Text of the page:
5) In decisions in response to a member who did not abide by one of the commune's written agreements (Section VII. C.) that member is not empowered.
6) Members whose membership has been suspended are not empowered.
b. Determine who are the participants (for definition of participant, see Section VII. B. 2. b.). All empowered members present at a meeting are participants, excepting any members who declare themselves non-participant in respect to a particular decision. Any empowered members not present at the meeting are not participants, unless properly represented (Section VII. B. 2. g.); however, any member who is not present and who was insufficiently notified for a major decision (Section VII. E.) will be considered a participant who is opposed to the proposal.
c. If the proposal considered is major (Section VII. B. 2. f.) and has been on the agenda for less than one month then empowered members who are not present at the meeting and do not have the nonresident status are participants who are considered opposed.
d. If the proposal considered is major and an empowered nonresident member has not been notified in accordance with the requirements (Section VII. E. 5.), that member is considered opposed.
e. Attempt to Reach Consensus. The participants will engage in a process of discussion and debate in which an attempt is made to arrive at consensus on the formulation of a tentative decision which is acceptable to all participants. Such a tentative decision is expected to be a compromise, weighted in each member's mind towards those who are knowledgeable with respect to the subject and towards those to whom the subject is considered particularly important. Participants may decide to "go twice around": each participant expresses what s/he considers the best decision, not taking different opinions into account. In the second time around each member expresses what s/he considers a fair compromise decision, thus taking into account what was said in the first time around. If no consensus is reached the middleground opinion will be determined (see Section VII. B. 7. f. below).
f. What Happens When No Consensus Can Be Reached. If the number of proposals on the same matter is greater than one that number will be reduced to one with the method of Section VII. B. 6. The middleground position will then be determined. The process is described in Section VII. B. 5. The facilitator will ask if the middleground position can be adopted as the tentative decision by consensus. If any participant asks for a vote, the participants will then vote on acceptance of the middleground opinion as the tentative decision. The outcome of the vote depends on the number of participants opposed:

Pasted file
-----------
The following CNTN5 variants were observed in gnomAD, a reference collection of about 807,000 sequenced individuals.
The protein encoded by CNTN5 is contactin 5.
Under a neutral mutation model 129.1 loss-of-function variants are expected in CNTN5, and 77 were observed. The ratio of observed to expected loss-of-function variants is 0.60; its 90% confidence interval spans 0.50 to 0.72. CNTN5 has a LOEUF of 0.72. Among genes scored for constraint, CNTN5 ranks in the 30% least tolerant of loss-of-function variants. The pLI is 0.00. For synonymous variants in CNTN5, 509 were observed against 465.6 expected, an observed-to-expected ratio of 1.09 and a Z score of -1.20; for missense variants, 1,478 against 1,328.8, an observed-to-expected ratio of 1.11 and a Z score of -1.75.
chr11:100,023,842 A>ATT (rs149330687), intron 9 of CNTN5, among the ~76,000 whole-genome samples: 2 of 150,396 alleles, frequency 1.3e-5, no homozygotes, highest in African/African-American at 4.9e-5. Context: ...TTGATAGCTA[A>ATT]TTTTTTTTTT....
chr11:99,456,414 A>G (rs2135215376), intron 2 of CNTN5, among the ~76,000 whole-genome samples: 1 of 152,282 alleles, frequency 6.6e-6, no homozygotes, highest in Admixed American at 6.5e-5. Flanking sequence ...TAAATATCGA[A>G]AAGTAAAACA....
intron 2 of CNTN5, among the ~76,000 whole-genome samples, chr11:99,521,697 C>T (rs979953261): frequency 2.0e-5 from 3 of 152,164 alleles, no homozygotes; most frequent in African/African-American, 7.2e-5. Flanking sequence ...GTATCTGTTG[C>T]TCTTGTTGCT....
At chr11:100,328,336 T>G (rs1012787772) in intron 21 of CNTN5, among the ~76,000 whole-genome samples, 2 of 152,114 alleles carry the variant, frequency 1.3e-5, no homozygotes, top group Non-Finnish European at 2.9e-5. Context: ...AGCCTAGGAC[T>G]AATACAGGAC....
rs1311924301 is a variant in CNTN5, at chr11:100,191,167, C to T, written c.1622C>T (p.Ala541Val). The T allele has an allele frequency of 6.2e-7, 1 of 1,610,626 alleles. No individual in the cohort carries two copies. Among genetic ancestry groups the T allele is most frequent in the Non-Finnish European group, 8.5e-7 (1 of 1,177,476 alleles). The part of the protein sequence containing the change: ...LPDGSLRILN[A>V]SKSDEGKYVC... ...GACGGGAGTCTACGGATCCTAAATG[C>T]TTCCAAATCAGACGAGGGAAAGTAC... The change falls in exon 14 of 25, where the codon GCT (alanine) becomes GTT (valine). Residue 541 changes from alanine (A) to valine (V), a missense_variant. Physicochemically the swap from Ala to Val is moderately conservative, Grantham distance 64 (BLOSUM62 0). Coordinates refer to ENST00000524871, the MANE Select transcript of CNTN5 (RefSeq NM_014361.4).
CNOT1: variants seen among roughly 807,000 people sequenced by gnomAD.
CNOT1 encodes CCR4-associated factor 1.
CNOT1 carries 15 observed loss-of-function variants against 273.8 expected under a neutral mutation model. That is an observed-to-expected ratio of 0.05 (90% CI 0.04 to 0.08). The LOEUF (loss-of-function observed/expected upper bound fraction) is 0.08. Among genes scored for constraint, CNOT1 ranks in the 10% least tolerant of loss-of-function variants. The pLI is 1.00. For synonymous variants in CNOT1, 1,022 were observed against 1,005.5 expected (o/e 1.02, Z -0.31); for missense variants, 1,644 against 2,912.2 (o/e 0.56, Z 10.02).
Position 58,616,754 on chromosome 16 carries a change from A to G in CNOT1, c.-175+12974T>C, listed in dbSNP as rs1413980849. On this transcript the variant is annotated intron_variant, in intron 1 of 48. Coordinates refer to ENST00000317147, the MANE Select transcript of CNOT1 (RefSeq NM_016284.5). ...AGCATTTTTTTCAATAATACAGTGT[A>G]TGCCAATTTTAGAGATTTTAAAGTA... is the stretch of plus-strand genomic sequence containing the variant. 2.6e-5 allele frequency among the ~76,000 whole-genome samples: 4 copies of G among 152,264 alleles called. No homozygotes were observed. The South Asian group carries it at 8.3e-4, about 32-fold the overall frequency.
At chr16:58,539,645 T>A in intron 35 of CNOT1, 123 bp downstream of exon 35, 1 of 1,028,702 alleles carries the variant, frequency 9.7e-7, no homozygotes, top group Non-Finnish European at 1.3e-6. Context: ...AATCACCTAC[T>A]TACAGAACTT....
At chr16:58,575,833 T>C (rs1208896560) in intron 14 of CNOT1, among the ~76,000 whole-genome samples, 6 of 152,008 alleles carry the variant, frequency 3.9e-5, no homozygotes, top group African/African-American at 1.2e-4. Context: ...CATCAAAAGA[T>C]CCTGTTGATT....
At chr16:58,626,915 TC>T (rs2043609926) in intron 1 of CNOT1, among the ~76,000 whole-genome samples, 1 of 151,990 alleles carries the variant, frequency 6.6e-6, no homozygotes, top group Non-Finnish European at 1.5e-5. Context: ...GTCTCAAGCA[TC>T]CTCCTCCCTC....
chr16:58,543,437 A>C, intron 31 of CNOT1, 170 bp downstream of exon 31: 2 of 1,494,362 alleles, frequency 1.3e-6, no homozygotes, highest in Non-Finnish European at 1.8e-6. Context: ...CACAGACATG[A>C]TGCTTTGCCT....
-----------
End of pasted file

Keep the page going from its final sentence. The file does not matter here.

1) The number of participants opposed is zero. If the number of participants opposed is zero, the decision is made by consensus after all.
2) The number of participants opposed is one. If the number of members empowered to make the decision in question is equal to or greater than four, the proposal is tentatively accepted; otherwise it is tentatively rejected.
3) The number of participants opposed is equal to or greater than two.
3.1 Major decisions as defined in Section VII. B. 2. f.. If the number of members empowered to make the decision in question is equal to or greater than five times the number of participants opposed, the proposal is tentatively accepted; otherwise it is tentatively rejected
3.2 Decisions other than major decisions as defined in Section VII. B. 2. f.. If the number of members empowered to make the decision in question is equal to or greater than four times the number of participants opposed, the proposal is tentatively accepted; otherwise it is tentatively rejected.
g. Second Thoughts. If any participant expresses having second thoughts about her or his position prior to elevating the status of a decision from tentative to final, a new attempt to reach consensus will be made. The process as described in Sections VII. B. 7. e., f., and g. will be repeated until no participant expresses second thoughts.